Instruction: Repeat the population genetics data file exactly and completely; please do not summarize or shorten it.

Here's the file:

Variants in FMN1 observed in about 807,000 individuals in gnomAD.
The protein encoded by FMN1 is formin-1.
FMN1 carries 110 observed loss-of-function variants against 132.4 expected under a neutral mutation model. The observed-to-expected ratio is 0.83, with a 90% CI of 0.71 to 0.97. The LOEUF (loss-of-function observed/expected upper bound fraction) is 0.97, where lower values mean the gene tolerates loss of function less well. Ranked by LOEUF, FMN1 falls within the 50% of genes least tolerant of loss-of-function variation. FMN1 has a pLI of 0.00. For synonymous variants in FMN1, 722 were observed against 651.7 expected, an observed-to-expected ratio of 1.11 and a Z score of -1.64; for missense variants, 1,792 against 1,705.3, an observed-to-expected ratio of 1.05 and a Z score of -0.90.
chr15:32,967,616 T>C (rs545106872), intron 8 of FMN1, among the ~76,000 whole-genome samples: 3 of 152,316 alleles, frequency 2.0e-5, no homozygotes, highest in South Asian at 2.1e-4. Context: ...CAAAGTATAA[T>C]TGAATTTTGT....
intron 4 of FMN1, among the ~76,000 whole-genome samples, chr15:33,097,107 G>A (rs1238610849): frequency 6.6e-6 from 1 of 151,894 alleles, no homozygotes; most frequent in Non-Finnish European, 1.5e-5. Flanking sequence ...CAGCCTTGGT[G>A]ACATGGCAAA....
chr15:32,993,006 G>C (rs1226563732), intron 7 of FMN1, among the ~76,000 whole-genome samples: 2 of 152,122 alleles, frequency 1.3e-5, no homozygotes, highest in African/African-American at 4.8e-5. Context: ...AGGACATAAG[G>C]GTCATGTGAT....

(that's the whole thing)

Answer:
Variants in FMN1 observed in about 807,000 individuals in gnomAD.
The protein encoded by FMN1 is formin-1.
FMN1 carries 110 observed loss-of-function variants against 132.4 expected under a neutral mutation model. The observed-to-expected ratio is 0.83, with a 90% CI of 0.71 to 0.97. The LOEUF (loss-of-function observed/expected upper bound fraction) is 0.97, where lower values mean the gene tolerates loss of function less well. Ranked by LOEUF, FMN1 falls within the 50% of genes least tolerant of loss-of-function variation. FMN1 has a pLI of 0.00. For synonymous variants in FMN1, 722 were observed against 651.7 expected, an observed-to-expected ratio of 1.11 and a Z score of -1.64; for missense variants, 1,792 against 1,705.3, an observed-to-expected ratio of 1.05 and a Z score of -0.90.
chr15:32,967,616 T>C (rs545106872), intron 8 of FMN1, among the ~76,000 whole-genome samples: 3 of 152,316 alleles, frequency 2.0e-5, no homozygotes, highest in South Asian at 2.1e-4. Context: ...CAAAGTATAA[T>C]TGAATTTTGT....
intron 4 of FMN1, among the ~76,000 whole-genome samples, chr15:33,097,107 G>A (rs1238610849): frequency 6.6e-6 from 1 of 151,894 alleles, no homozygotes; most frequent in Non-Finnish European, 1.5e-5. Flanking sequence ...CAGCCTTGGT[G>A]ACATGGCAAA....
chr15:32,993,006 G>C (rs1226563732), intron 7 of FMN1, among the ~76,000 whole-genome samples: 2 of 152,122 alleles, frequency 1.3e-5, no homozygotes, highest in African/African-American at 4.8e-5. Context: ...AGGACATAAG[G>C]GTCATGTGAT....